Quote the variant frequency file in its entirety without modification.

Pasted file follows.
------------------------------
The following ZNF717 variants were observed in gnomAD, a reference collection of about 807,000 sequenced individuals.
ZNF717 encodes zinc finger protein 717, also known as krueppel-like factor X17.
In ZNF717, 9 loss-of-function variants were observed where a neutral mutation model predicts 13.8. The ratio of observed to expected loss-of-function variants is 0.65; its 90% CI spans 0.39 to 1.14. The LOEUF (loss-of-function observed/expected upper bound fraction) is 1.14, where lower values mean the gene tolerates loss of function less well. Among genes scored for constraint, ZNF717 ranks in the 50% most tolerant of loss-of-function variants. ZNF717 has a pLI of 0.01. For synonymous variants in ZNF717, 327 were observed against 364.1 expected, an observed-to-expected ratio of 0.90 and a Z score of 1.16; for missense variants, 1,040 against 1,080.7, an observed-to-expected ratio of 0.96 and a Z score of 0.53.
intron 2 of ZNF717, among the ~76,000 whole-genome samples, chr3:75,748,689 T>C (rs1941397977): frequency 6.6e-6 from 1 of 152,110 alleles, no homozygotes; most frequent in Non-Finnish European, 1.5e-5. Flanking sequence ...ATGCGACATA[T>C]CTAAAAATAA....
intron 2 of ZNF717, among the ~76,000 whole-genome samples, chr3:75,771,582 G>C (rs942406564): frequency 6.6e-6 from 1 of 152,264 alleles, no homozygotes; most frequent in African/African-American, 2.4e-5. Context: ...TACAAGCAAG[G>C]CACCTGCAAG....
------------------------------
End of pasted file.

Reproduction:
The following ZNF717 variants were observed in gnomAD, a reference collection of about 807,000 sequenced individuals.
ZNF717 encodes zinc finger protein 717, also known as krueppel-like factor X17.
In ZNF717, 9 loss-of-function variants were observed where a neutral mutation model predicts 13.8. The ratio of observed to expected loss-of-function variants is 0.65; its 90% CI spans 0.39 to 1.14. The LOEUF (loss-of-function observed/expected upper bound fraction) is 1.14, where lower values mean the gene tolerates loss of function less well. Among genes scored for constraint, ZNF717 ranks in the 50% most tolerant of loss-of-function variants. ZNF717 has a pLI of 0.01. For synonymous variants in ZNF717, 327 were observed against 364.1 expected, an observed-to-expected ratio of 0.90 and a Z score of 1.16; for missense variants, 1,040 against 1,080.7, an observed-to-expected ratio of 0.96 and a Z score of 0.53.
intron 2 of ZNF717, among the ~76,000 whole-genome samples, chr3:75,748,689 T>C (rs1941397977): frequency 6.6e-6 from 1 of 152,110 alleles, no homozygotes; most frequent in Non-Finnish European, 1.5e-5. Flanking sequence ...ATGCGACATA[T>C]CTAAAAATAA....
intron 2 of ZNF717, among the ~76,000 whole-genome samples, chr3:75,771,582 G>C (rs942406564): frequency 6.6e-6 from 1 of 152,264 alleles, no homozygotes; most frequent in African/African-American, 2.4e-5. Context: ...TACAAGCAAG[G>C]CACCTGCAAG....